Syrian children play under quiet skies after ‘significant drop in violence’

Some fighting but by daybreak, the guns fell silent.
Syrian youths at a cafe in the government-held area of the northern Syrian city of Aleppo as they celebrate the Eid al-Adha Muslim holiday on September 13, 2016, a day after a fragile ceasefire was brokered. Youssef Karwashan / AFP
Syrian youths at a cafe in the government-held area of the northern Syrian city of Aleppo as they celebrate the Eid al-Adha Muslim holiday on September 13, 2016, a day after a fragile ceasefire was brokered. Youssef Karwashan / AFP

Aleppo // Syrian children played under quiet skies on Tuesday as a fragile truce held, but their parents were waiting for much-needed food, fuel and medicine to enter the country’s besieged areas.

Across the country there was a significant drop in violence since a cessation of hostilities came into effect, the UN Special Envoy for Syria Staffan de Mistura said.

Although there was some fighting after sunset on Monday, by early morning the guns had fallen quiet, and UN aid trucks should be able to move very soon, he said.

“Today calm appears to have prevailed across Hama, Latakia, Aleppo city and Rural Aleppo and Idlib, with only some allegations of sporadic and geographically isolated incidents,” Mr de Mistura told reporters in Geneva.

“Sources on the ground, including inside Aleppo city, said the situation has dramatically improved with no air strikes.”

In the Shaar neighbourhood of rebel-held eastern Aleppo, children laughed as they ran through the streets, enjoying an opportunity to escape the confines of homes and bomb shelters.

One group played football under the remains of a destroyed bridge, while others pushed each other on swings.

For Syria’s adults, the welcome quiet was tempered by anxiety about when the humanitarian aid promised under the Russian-US accord might finally arrive.

“The truce is good, but it’s not enough. We want food to come in,” said Abu Jamil, a resident of the Ansari neighbourhood in besieged eastern Aleppo.

“The situation is still bad as the markets are empty,” the 55-year-old said.

The UN said aid convoys could not begin moving until security was assured, and the process of assessing the truce’s durability was taking time.

No aid has entered eastern Aleppo since early July, and residents there are among hundreds of thousands of people living under sieges in Syria.

The Syrian Observatory for Human Rights monitor reported minor violations by both government and rebel forces in different parts of the country, but no deaths or major fighting.

The government accused the opposition of a series of violations, with its ally Moscow saying Syrian government forces were fully respecting the truce but that rebels had violated it 23 times.

“Syrian government troops have completely stopped firing” except in extremist-held areas, but “the same cannot be said for armed units of the moderate opposition controlled by the US,” said Viktor Poznikhir, a senior Russian military officer.

US secretary of state John Kerry had said earlier that it was “far too early to draw conclusions” about the success of the ceasefire but urged all sides to seize the opportunity.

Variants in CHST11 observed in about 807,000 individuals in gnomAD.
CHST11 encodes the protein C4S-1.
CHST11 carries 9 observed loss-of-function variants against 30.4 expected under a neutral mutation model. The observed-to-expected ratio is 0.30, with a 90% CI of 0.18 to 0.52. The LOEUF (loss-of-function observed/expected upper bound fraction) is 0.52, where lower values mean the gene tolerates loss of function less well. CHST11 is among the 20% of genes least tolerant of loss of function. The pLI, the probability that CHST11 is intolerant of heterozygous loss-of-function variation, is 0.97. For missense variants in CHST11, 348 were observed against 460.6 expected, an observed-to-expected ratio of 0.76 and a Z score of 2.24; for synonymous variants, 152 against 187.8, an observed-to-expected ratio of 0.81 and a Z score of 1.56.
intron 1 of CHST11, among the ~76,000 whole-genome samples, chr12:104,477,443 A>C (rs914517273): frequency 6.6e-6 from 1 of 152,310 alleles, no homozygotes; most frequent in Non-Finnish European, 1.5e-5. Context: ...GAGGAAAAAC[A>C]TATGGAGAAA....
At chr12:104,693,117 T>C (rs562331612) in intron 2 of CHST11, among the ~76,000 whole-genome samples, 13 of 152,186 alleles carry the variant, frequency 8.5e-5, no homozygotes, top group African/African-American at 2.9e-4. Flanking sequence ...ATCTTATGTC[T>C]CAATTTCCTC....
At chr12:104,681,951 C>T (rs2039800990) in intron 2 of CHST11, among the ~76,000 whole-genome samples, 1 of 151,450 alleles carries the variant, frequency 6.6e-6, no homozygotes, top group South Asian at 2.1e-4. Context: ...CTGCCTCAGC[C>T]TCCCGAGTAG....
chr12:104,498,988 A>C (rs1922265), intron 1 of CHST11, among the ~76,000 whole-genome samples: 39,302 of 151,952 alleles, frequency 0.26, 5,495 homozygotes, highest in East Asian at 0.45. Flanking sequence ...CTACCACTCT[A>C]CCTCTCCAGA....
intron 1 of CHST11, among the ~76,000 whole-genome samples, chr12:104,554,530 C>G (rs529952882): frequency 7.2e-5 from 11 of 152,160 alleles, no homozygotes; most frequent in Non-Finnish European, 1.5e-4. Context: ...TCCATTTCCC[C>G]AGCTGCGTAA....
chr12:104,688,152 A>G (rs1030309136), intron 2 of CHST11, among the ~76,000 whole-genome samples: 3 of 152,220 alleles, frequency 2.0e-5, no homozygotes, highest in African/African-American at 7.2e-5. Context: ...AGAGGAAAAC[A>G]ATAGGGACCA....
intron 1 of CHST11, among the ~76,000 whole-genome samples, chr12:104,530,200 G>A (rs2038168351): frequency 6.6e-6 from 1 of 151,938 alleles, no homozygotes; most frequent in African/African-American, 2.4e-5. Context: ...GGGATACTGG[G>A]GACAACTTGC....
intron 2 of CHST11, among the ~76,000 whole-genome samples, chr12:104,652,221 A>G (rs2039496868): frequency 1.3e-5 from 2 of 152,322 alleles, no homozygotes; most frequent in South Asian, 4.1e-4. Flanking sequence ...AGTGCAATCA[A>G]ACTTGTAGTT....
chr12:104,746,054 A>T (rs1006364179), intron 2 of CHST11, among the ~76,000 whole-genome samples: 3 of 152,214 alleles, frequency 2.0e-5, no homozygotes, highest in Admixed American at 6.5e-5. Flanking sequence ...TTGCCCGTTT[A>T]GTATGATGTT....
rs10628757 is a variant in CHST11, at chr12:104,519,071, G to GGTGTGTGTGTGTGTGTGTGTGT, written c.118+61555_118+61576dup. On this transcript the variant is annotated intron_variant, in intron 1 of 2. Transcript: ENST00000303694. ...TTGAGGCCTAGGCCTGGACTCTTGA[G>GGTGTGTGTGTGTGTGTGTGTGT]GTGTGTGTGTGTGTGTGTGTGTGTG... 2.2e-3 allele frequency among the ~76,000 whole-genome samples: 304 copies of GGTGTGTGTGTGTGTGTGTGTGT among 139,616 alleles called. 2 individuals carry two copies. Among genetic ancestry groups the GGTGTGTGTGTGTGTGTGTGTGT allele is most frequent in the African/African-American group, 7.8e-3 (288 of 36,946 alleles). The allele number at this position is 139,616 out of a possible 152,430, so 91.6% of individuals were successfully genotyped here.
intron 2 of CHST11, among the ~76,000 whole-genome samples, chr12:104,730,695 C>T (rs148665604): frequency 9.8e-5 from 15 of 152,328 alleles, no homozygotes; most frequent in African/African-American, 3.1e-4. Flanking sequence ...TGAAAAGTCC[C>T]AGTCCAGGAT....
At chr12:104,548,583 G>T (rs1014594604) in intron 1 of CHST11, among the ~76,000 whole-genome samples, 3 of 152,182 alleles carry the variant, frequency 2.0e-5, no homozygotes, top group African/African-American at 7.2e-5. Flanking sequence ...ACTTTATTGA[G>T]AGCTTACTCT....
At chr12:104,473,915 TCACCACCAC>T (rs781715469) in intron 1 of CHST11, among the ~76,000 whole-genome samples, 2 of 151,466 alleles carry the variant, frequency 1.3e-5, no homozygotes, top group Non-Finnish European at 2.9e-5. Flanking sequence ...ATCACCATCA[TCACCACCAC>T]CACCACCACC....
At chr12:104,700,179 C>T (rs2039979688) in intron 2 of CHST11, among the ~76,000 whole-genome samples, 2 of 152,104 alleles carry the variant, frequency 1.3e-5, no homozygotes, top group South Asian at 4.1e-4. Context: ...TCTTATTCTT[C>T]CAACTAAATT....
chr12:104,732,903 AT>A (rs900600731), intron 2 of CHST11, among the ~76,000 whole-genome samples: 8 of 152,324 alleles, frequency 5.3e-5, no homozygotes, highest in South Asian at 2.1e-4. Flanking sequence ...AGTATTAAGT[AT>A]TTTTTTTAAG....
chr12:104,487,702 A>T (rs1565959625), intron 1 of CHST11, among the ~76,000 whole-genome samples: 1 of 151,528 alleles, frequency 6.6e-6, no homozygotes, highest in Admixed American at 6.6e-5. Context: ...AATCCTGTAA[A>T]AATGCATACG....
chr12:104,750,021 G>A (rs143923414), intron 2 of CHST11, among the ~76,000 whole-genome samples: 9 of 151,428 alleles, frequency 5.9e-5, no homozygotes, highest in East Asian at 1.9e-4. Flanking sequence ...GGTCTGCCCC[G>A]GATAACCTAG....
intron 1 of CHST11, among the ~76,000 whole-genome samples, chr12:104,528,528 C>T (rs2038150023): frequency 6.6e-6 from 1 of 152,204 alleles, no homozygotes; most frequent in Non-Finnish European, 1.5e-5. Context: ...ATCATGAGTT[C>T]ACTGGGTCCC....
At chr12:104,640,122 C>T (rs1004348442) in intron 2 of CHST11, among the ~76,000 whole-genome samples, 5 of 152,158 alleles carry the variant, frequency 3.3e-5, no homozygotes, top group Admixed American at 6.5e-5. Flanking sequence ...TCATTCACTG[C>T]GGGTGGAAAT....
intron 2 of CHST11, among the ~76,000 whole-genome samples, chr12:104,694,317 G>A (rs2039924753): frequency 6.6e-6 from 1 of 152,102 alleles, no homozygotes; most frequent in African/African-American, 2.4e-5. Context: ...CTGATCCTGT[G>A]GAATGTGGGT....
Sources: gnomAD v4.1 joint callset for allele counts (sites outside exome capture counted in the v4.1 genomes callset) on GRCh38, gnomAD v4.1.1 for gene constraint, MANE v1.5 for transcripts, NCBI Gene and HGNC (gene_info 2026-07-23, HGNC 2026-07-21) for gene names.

“For all the doubts that remain, and there will be challenges in the days to come, this plan has a chance to work,” he said of the deal he agreed on Friday with Russian counterpart Sergei Lavrov.

“I urge all the parties to support it because it may be the last chance that one has to save a united Syria.”

The lull in violence was a rare respite for Syrians, where more than half the population has been displaced.

“We usually stay up all night with the airplanes, but thank God last night we could all sleep,” said activist Hassaan Abu Nuh in opposition-held Talbisseh in central Syria.

It was also quiet in the largely rebel-held northwestern province of Idlib, where air strikes killed 13 people on Monday.

The peace deal is the latest in a succession of attempts to end the fighting in Syria.

It calls for the truce to be renewed every 48 hours, and immediate humanitarian aid access, particularly to civilians living under siege.

Bashar Al Assad’s government warned, meanwhile, that all aid going to Aleppo, particularly assistance sent by Turkey, must be coordinated with his forces and the United Nations.

Russia said its troops had been deployed on the key Castello Road running from Turkey into Aleppo that is to become a demilitarised zone under the deal.

If the ceasefire holds for a week, Moscow and Washington will then begin an unprecedented joint campaign to target extremists, including ISIL and former AL Qaeda affiliate Jabhat Fateh Al Sham.

But there is still deep scepticism about whether the truce will last, with the opposition yet to officially sign on and demanding guarantees on how the ceasefire will be monitored.

A joint statement issued by nearly two dozen rebel groups late on Monday said they could not support the ceasefire while civilian suffering continued.

Saudi Arabia, one of the main supporters of the rebels, on Tuesday welcomed a ceasefire in Syria and said it hoped the deal would lead to a resumption of peace talks to end war in the country.

*Agence France-Presse and Reuters

Published: September 13, 2016 04:00 AM

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